“It’s harder because you’re more restricted and there’s more to think about” she explains; “I had to look at the points a man would look at – with designing for men it’s a case of what they would want whereas when women design for women they usually create thing’s they like”

Having interned for some of the key players in menswear such as luxury leather-smith Alfred Dunhill and Norwegian designer Siv Stoldal – a designer who has collaborated in the past with Topman and Fred Perry – she hastily got to grips with her male market, also covering men’s A/W 2010 Fashion Week in Paris on NOTJUSTALABEL.COM – which regularly publishes her fashion reviews.

Originally from Blackpool, Wilson attributes her best skills as her technical abilities and pattern making. However, Wilson has recently taken to favouring the role of the stylist having done so last year for GQ magazine as well as theatrical costume company ‘Stageworks’ and playing assistant to fashionista friend Nova Dando. Aside from creating pieces for Russia’s 2010 Fashion week at Nova she also got to dress alternative new rave four piece The Klaxons and US garage rockers The Gossip for a music video as well as adorning synth-pop queen La Roux for a photo shoot with FLAUNT magazine.

Wilson is breezy, relaxed and nonchalant when she speaks of how fashion became less of a job for her and more of a lifestyle which in turn, mirrors her ‘chilled out’ inclination to dressing in boys’ oversized sweaters, short shorts and high-top trainers. She also has a penchant for fusing theatrical costume with urban street-wear and doesn’t seem to be too preoccupied with stereotypical pop culture style icons, instead taking most of her inspiration from things and people she sees on the street.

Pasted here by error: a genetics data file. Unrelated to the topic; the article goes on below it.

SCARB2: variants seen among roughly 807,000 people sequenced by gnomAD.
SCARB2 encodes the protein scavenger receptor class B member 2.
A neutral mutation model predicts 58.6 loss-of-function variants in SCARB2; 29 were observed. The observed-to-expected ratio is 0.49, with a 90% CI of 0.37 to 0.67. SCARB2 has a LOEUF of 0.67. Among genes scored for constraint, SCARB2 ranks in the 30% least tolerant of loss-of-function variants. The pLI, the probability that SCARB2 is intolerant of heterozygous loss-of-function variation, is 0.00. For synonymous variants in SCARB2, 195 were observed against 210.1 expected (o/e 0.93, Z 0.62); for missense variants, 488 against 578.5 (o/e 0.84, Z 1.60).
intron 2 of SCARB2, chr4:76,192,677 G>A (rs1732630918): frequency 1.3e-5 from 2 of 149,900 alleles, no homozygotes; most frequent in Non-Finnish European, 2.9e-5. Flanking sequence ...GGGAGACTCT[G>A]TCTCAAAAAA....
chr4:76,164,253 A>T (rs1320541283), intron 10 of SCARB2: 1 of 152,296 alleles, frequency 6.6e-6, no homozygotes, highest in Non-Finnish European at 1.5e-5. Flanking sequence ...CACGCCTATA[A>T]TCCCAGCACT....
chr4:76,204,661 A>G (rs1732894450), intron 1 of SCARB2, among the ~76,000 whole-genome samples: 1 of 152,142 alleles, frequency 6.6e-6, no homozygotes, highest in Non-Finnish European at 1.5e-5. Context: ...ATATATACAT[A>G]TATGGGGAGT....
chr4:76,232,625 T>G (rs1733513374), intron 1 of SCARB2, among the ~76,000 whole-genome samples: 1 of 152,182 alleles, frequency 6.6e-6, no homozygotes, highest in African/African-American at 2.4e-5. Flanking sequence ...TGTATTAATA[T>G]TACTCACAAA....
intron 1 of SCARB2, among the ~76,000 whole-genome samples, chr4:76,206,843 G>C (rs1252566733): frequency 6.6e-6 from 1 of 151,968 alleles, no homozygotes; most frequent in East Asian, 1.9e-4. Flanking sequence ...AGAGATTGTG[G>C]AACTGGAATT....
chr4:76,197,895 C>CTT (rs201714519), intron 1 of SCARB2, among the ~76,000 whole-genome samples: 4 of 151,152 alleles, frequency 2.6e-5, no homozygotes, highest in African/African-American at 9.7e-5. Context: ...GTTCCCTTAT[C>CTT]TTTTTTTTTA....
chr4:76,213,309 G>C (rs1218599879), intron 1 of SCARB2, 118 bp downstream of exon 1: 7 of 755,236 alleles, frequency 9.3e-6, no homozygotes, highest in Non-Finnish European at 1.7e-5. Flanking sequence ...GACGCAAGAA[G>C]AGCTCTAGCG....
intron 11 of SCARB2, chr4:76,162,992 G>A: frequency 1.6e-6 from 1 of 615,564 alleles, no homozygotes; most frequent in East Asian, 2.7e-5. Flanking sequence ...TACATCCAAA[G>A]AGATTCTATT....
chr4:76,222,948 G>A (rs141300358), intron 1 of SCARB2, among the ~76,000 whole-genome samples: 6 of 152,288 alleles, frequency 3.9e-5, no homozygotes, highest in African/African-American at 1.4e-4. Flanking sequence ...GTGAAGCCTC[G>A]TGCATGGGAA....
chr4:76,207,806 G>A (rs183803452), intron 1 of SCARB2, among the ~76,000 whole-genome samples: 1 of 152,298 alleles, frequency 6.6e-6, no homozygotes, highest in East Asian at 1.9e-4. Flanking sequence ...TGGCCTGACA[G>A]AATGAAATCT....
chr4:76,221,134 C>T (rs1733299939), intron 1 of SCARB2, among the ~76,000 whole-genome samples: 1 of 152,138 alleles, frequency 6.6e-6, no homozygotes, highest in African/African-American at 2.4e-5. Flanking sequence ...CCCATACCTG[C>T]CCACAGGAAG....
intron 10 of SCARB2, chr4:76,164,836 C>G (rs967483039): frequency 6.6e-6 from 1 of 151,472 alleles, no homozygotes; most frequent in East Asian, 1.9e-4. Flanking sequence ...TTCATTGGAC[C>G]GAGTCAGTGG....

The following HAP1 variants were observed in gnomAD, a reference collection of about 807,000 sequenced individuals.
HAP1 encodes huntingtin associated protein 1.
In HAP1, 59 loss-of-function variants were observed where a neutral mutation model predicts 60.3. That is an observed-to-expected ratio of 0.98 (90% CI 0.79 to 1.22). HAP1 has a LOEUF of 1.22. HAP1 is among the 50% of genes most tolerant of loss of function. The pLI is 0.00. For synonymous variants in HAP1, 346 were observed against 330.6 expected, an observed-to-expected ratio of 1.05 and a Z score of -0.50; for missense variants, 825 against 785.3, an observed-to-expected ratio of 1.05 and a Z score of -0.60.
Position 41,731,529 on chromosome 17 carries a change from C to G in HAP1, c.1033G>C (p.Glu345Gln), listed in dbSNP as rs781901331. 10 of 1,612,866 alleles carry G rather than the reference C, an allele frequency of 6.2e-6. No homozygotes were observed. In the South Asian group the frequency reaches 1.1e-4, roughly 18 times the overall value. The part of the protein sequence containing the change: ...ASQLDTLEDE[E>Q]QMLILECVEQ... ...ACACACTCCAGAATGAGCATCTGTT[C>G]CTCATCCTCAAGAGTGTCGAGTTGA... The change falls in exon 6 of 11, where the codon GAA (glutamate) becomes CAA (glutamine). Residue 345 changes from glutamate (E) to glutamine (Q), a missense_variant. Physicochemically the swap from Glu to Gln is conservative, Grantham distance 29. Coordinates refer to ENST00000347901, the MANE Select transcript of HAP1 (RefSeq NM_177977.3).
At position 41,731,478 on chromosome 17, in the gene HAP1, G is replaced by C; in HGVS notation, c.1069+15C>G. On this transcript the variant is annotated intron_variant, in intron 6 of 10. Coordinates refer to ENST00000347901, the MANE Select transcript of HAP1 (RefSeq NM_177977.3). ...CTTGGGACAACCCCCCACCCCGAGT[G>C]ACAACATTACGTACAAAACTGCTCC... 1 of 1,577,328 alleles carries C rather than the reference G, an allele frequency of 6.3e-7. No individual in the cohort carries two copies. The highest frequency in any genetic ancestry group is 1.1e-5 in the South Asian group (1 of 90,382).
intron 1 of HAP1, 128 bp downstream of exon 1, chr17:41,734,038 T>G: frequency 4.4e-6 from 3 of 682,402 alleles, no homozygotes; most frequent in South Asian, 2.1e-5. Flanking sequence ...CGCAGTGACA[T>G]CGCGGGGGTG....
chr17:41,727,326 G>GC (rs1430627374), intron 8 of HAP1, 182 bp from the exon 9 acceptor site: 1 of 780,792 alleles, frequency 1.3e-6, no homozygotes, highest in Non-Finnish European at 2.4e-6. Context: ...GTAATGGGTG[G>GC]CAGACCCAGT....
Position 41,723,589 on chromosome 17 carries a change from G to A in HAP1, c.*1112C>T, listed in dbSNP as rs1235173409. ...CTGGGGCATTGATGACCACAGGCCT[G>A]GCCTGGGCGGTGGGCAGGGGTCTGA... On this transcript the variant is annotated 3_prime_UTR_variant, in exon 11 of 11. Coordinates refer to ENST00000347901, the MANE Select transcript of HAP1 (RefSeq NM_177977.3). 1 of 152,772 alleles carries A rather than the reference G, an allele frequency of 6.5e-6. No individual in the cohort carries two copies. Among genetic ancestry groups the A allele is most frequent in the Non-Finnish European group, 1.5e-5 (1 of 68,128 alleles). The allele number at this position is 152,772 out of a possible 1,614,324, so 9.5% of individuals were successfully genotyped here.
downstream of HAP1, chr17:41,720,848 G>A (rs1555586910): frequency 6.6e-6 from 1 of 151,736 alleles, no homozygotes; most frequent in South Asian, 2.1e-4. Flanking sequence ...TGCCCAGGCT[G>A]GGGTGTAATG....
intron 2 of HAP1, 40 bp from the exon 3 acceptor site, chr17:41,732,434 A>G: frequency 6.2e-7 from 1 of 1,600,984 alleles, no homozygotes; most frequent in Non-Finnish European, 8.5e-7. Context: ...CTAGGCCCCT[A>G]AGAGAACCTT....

She openly cites the 1980s New Romantics and ‘the Norwegian fashion boys’ she met whilst working at Siv Stoldal as her references for a dramatic Euro-East Asian look that is aimed at ‘the European and Japanese high fashion markets’. She reveals that her ultimate muse was friend, Harald Helgesem who worked as Stoldal’s studio manager; “Those boys tend to buy one off pieces, they’re just your normal average boys but they’re so much more daring and individualistic” she adds; “That’s the kind of people I want to dress”